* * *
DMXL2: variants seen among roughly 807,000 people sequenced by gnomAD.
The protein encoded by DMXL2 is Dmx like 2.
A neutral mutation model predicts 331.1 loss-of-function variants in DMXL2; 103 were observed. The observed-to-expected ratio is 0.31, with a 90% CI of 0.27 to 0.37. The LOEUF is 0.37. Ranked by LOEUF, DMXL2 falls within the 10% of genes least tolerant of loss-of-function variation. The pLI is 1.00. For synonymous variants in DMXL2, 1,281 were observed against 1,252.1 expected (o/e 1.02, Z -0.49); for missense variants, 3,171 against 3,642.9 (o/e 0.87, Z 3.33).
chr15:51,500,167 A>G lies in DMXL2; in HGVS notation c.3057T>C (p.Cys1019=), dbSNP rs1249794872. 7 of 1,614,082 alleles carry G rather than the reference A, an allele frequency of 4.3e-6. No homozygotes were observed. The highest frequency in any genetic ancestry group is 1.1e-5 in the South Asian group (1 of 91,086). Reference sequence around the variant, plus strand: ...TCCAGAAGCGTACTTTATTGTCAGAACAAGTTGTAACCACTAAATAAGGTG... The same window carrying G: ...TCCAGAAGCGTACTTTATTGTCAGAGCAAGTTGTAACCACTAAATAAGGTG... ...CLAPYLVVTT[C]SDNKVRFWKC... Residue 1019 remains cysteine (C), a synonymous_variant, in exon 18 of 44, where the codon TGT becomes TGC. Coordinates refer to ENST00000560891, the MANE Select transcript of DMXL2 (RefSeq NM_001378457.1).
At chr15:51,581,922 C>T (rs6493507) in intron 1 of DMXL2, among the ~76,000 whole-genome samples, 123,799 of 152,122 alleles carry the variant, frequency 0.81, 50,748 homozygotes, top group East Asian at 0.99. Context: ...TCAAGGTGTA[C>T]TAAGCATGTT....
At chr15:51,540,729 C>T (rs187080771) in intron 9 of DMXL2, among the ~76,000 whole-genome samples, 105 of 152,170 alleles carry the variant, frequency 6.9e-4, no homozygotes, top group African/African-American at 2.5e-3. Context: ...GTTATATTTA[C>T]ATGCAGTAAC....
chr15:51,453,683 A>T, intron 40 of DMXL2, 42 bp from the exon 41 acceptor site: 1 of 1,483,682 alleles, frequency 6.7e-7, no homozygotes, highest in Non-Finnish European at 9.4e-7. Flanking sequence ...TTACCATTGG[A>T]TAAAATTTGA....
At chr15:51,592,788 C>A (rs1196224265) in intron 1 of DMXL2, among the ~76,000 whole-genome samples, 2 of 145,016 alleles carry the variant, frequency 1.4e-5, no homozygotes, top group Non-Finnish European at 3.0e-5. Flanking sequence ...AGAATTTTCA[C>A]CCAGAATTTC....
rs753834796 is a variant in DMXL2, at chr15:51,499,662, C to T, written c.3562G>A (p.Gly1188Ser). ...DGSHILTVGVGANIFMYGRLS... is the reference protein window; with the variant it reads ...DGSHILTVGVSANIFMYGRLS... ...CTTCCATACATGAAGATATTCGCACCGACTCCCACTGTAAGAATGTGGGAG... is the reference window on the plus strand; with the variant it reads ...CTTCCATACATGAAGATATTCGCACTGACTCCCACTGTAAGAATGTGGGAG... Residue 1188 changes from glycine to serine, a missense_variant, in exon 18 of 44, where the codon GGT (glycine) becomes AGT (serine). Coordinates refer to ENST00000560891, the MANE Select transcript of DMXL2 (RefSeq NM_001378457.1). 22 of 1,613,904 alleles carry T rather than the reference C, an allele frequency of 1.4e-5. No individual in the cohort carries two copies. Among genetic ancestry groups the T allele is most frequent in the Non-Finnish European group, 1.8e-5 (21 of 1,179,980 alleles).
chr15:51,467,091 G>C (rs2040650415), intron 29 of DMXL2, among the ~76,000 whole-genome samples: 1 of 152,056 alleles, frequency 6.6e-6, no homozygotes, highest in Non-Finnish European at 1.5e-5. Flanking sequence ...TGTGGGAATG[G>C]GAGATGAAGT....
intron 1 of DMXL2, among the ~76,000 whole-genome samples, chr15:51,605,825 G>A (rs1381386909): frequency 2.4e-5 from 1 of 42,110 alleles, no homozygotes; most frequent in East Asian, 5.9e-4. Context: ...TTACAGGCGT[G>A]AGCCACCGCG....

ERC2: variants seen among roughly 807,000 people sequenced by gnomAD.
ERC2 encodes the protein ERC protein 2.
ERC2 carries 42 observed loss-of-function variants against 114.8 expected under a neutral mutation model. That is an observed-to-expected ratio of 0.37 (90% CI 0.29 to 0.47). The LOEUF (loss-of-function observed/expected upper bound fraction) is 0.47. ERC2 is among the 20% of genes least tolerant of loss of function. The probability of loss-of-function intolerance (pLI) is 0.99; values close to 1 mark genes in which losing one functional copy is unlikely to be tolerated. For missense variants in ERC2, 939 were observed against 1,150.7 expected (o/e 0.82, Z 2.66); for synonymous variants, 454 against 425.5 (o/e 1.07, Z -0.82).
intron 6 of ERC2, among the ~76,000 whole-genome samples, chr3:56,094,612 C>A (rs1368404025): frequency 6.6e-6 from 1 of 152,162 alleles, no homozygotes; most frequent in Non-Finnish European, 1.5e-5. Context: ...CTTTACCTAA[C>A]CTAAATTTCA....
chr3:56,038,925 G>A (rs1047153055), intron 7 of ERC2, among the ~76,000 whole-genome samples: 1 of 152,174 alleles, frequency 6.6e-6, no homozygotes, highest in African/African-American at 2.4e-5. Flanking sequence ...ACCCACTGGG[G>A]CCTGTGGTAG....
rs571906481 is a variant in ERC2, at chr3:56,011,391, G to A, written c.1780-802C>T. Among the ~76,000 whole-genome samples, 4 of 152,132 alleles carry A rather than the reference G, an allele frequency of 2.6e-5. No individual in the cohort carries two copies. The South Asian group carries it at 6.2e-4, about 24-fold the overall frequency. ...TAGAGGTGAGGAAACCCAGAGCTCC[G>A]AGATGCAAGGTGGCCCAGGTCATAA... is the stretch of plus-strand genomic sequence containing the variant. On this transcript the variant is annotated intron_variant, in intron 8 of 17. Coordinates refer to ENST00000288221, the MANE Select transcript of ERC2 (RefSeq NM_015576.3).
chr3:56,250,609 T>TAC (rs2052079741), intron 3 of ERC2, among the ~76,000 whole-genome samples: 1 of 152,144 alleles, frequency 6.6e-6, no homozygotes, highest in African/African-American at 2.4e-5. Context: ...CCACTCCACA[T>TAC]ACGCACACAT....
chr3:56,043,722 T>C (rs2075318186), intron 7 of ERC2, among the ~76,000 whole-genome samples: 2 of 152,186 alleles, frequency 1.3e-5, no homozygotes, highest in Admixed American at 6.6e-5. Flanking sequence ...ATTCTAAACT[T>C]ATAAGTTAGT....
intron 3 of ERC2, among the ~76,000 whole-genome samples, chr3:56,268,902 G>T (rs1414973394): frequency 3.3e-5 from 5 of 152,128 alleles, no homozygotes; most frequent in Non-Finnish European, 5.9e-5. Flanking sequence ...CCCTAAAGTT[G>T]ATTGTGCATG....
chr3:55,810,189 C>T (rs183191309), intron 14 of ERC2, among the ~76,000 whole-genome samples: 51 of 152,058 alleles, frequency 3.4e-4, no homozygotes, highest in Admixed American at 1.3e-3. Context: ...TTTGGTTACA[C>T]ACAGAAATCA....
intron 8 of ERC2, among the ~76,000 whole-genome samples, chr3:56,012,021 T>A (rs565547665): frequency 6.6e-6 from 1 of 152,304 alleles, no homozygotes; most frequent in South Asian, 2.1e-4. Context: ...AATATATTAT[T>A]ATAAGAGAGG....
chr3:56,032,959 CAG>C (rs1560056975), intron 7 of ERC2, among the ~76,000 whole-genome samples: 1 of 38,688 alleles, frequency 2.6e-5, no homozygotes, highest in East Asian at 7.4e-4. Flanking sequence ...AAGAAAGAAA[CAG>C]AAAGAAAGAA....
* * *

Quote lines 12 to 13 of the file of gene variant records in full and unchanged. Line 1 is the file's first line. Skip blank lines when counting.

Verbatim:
ERC2: variants seen among roughly 807,000 people sequenced by gnomAD.
ERC2 encodes the protein ERC protein 2.